Progress Report Objectives (from AD-416) Investigate strategies for protecting potato quality and yields against late blight and common scab diseases caused by Phytophthora infestans and Streptomyces scabies. Characterize aspects of resistance or susceptibility to P. infestans and S. scabies, including assessment of the role of specific potato genes in quantitative late blight resistance and in disease resistance responses, and responses of different potato varieties to scab. Utilize an alternative method for producing disease- resistant potatoes by expressing antimicrobial peptides in transgenic plants. Develop rapid protocols to aid in identification of new more virulent pathogen isolates, monitor the origins and spread of disease, and characterize pathogen variability. Determine underlying disease resistance mechanisms in potato, and infection mechanisms and genetic variability in pathogens that can be used in developing and selecting potato germplasm resistant to P. infestans and S. scabies. Approach (from AD-416) (a) Characterize the diversity in alleles of 4 defense-related gene families encoding WRKY motif-containing proteins, osmotin, phenylalanine ammonia lyase, and chalcone isomerase that map to quantitative trait loci for late blight resistance, and relate this diversity to differences in late blight resistance among wild Solanum species and cultivated potato germplasm. Compare cDNA libraries generated from potato leaves infected with a virulent and a less virulent Phytophthora infestans isolate by sequencing at least 1000 ESTs from each library. Examine scab susceptibility in potato breeding material using a reliable assay with well-characterized, pathogenic Streptomyces scabies isolates. (b) Identify antimicrobial proteins and peptides inhibitory to P. infestans by screening peptide libraries. Develop methods for efficient and effective production of these inhibitory molecules in potato plants, utilizing gene promoter analysis and fusion protein studies. (c) Characterize molecular features used in P. infestans genotyping studies, primarily the gene encoding glucose-6-phosphoisomerase, and RG 57 fingerprint bands from Southern blots. Characterization will involve cDNA and genomic DNA cloning and sequencing. Proteins secreted from P. infestans will be investigated to assess their role in pathogenicity and/or virulence. Extracellular proteins will be analyzed in acrylamide protein gels and by cDNA cloning. Find molecular features useful in rapid simple identification of pathogenic Streptomyces scabies strains. Accomplishments Genome analysis of Phytophthora. Advancement in our understanding of genes used by Phytophthora to incite plant disease relies on molecular analysis of the genome. A draft of the complete genomic DNA sequence of Phytophthora sojae and P. ramorum has been finalized. This information provides the basis for future studies on the location and sequence of genes in Phytophthora. Expression of these genes can be monitored to determine their use in plant infections. Close similarity in gene number and location was found between the two species studied. This genome template can be extended to all other Phytophthora species, helping to alleviate the billions of dollars of lost agricultural productivity due to these pathogens. This addresses the National Program 303 Component Pathogen Biology, Genetics, Population Dynamics, Spread, and Relationship with Hosts and Vectors. Identification of novel secreted protein families in Phytophthora. A genomic map was used as a template for identification of a unique type of endoglucanase. The endoglucanase causes damage to the host plant cell wall, helping the fungus to invade. A duplicated cluster of genes were identified in each of three species of Phytophthora. These endoglucanases belong to family 12 glycosyl hydrolases, and represent the first report and characterization of this type of enzyme in any plant pathogen. This addresses the National Program 303 Component Pathogen Biology, Genetics, Population Dynamics, Spread, and Relationship with Hosts and Vectors. Streptomyces species that cause common scab in the USA Potato common scab is found world-wide, but disease severity varies in different locations. Little information is available on the species and distribution of species and strains of the soil bacteria that cause potato common scab. To determine whether different species or strains of Streptomyces may characterize locations with different common scab disease pressure, molecular markers have been developed that are specific to individual species of Streptomyces. These markers have been used to demonstrate that several different species of Streptomyces that cause common scab are present in the U.S., including a species/strain from Idaho not previously described. Furthermore, different species are prevalent in different geographic regions. Some species appear to be world-wide in distribution or are found on other continents such as Europe, while other species that have been described from Europe and Asia have not been found in the US. Further work is underway to determine the significance of differences in pathogen populations to the incidence and severity of common scab in different geographic regions. This addresses the National Program 303 Component Identification and Classification of Pathogens. Influence of pathogen load on common scab disease In the laboratory, potato common scab symptoms are not seen at low pathogen densities, and symptom severity increases as the pathogen inoculum increases over several orders of magnitude. It is possible that severity of common scab disease in the field is related to the amount of the bacteria causing the disease found in soil, and the amount or ¿load¿ of the pathogen may change rapidly in soil in response to weather or other factors. Confirmation of this hypothesis depends on the availability of rapid inexpensive and high through-put techniques for specifically measuring the numbers of pathogenic bacteria in soil and on the plant surface. Specific identification of pathogenic species is complicated by their general genetic and morphological similarity to abundant non-pathogens also found in soil. We developed a quantitative PCR technique based on a gene that is found only in pathogenic species, but is found in all known pathogenic Streptomyces species. This technique will be applied to measurements of pathogen load in soil, and could eventually be applied to assaying the likelihood of a serious scab problem causing economic losses in specific field locations and years. This addresses the National Program 303 Component Pathogen Biology, Genetics, Population Dynamics, Spread, and Relationship with Hosts and Vectors. Characterization of the late blight populations in the Pacific Northwest and Alaska. Tomato and potato late blight has become an increasingly important problem to agriculture in the United States in the past decade as more aggressive, fungicide-resistant, and specialized pathogenic strains have appeared. Epidemics occurred in 2004-2006 when over 50% of the commercial crop was destroyed in the Pacific Northwest and Alaska. Most growers reported that no available fungicides would control the rapid spread of the epidemic. Phenotype characterization of the isolates included mating type; sensitivity to fungicides; virulence on potato host differentials; and pathogenic fitness. Genotypes were also assessed with several molecular methods. The diverse phenotypic and genotypic structure of the current field populations suggests that this maybe due to local processes like host preference and selection rather than through long-distance migration. These research findings are beneficial because the US blight population structure is monitored and data on the distribution and modification of strains are available. Most predominant strain information allows breeders and geneticists to compare or exploit sources of resistance in their breeding programs. This addresses the National Program 303 Component Pathogen Biology, Genetics, Population Dynamics, Spread, and Relationship with Hosts and Vectors. An international study on late blight of potato. Phenotypic and genetic characterization of several pathogenic fungal strains of the organism that causes late blight of potato and tomato crops in Europe clearly demonstrated an alarming shift in new and very dynamic strain diversity especially in Great Britain. The appearance of new genotypes in Wales, presumably due to migration, was first detected in 2001 with the identification of the rare mating type and a number of DNA fingerprints that had not been detected previously. This migration resulted in dramatic changes. Gene and genotype diversity and the frequency of uniquely detected genotypes all increased beginning in 2003, and reached a peak in 2005. A new clonal genotype, first detected in 2003, increased in frequency and made up almost 50% of all isolates collected in 2005. In contrast, the old clonal lineage that dominated populations from 1985 to 2002 was not detected after 2003. An international study of the diversity of the population in Europe has significantly increased knowledge of this pathogen, which still represents a threat to the health of potato crops in the entire area. These findings are vital to those concerned with the control of the pathogen with the application of fungicides or by exploiting new cultivars with resistance to late blight. This addresses the National Program 303 Component Pathogen Biology, Genetics, Population Dynamics, Spread, and Relationship with Hosts and Vectors. Technology Transfer Number of Patent Applications filed: 1 Number of U.S. Patents granted: 1 Number of Non-Peer Reviewed Presentations and Proceedings: 5 Number of Newspaper Articles,Presentations for NonScience Audiences: 7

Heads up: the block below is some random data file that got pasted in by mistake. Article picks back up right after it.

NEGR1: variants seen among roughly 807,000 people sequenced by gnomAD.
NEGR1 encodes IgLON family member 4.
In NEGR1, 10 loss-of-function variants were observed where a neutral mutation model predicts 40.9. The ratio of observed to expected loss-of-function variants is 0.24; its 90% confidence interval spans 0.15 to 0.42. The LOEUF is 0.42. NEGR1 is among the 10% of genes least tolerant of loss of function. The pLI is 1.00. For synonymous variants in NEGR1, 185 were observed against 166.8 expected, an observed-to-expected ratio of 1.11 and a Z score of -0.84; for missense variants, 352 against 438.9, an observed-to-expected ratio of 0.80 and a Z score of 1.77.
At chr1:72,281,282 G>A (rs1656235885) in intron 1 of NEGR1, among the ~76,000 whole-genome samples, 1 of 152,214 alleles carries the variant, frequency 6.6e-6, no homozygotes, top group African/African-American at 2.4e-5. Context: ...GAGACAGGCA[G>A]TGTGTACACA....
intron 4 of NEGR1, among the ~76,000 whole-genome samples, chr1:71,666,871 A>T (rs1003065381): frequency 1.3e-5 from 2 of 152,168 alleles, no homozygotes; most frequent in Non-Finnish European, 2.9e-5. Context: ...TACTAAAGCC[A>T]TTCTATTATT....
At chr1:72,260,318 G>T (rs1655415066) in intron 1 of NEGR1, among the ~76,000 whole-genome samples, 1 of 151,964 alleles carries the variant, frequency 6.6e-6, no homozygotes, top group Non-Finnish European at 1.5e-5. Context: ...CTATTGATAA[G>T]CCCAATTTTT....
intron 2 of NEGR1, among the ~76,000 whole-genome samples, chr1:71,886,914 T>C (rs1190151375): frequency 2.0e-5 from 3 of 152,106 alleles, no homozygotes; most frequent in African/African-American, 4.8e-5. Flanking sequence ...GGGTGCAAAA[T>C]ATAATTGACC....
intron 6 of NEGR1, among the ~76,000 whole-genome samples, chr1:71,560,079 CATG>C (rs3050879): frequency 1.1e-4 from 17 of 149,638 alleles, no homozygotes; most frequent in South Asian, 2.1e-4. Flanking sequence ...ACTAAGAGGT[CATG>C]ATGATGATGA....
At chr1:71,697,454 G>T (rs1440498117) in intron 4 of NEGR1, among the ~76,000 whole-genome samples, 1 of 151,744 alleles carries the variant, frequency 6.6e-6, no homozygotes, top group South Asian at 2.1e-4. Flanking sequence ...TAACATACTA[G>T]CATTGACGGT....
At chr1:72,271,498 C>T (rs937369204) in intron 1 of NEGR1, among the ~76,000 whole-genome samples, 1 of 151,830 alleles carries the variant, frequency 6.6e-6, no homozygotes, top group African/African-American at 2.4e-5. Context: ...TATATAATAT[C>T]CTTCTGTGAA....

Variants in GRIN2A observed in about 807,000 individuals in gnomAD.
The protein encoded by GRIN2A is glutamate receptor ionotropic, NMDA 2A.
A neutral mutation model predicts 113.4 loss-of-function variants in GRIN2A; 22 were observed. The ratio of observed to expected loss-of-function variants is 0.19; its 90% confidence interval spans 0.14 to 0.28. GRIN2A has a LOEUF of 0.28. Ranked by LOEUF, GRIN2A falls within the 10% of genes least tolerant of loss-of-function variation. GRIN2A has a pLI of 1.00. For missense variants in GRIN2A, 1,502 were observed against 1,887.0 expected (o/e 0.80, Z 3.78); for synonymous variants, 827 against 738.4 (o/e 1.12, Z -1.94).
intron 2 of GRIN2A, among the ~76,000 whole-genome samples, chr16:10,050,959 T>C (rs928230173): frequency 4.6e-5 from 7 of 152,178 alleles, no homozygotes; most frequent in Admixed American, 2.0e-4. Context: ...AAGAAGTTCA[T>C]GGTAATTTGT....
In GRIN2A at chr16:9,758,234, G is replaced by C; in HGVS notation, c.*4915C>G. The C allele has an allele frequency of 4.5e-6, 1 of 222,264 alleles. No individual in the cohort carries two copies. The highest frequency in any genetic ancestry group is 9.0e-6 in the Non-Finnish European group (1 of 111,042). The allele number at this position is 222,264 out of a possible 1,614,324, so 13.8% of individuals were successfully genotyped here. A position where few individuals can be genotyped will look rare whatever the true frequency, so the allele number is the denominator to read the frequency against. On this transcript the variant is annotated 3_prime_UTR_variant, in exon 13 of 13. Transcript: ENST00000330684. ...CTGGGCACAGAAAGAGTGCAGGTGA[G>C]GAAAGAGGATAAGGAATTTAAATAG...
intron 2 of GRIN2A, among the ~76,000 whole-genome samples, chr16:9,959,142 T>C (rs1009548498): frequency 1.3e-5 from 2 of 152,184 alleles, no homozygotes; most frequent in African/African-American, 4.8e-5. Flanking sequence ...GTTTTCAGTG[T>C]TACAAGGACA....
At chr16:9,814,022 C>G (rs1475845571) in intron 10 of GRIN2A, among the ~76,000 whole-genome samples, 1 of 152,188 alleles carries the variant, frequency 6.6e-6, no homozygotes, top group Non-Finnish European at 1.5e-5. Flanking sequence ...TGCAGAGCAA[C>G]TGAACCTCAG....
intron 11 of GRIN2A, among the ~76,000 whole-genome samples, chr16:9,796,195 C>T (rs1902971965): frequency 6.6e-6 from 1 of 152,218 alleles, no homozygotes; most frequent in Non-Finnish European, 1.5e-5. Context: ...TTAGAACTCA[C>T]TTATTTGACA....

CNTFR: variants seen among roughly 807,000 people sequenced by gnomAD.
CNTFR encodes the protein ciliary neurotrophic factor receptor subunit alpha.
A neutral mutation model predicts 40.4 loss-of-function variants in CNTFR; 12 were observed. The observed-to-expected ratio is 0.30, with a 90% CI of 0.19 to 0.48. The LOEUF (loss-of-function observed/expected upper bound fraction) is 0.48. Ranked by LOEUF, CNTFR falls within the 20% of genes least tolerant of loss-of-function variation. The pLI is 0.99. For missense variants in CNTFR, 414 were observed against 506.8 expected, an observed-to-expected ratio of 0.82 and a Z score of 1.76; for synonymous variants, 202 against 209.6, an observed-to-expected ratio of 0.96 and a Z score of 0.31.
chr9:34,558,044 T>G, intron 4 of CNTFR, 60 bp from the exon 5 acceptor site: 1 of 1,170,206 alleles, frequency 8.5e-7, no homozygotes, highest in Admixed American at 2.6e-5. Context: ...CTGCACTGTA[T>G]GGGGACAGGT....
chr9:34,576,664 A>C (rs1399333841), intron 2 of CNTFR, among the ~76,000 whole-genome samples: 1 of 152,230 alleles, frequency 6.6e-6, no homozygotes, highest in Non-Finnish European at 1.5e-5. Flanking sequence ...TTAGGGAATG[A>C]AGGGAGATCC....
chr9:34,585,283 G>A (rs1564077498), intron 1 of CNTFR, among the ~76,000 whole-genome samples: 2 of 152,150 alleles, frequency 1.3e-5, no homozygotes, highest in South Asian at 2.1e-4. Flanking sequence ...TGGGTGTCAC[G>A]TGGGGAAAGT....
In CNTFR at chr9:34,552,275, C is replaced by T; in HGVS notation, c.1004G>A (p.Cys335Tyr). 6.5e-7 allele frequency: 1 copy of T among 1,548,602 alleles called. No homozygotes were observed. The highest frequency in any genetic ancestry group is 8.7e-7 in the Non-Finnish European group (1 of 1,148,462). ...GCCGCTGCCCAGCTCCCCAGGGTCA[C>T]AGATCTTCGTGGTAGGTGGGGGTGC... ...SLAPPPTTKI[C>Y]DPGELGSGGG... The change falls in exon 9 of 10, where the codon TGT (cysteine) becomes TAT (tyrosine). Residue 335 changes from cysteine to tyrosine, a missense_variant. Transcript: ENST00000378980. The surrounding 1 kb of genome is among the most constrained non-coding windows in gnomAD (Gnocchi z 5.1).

Impacts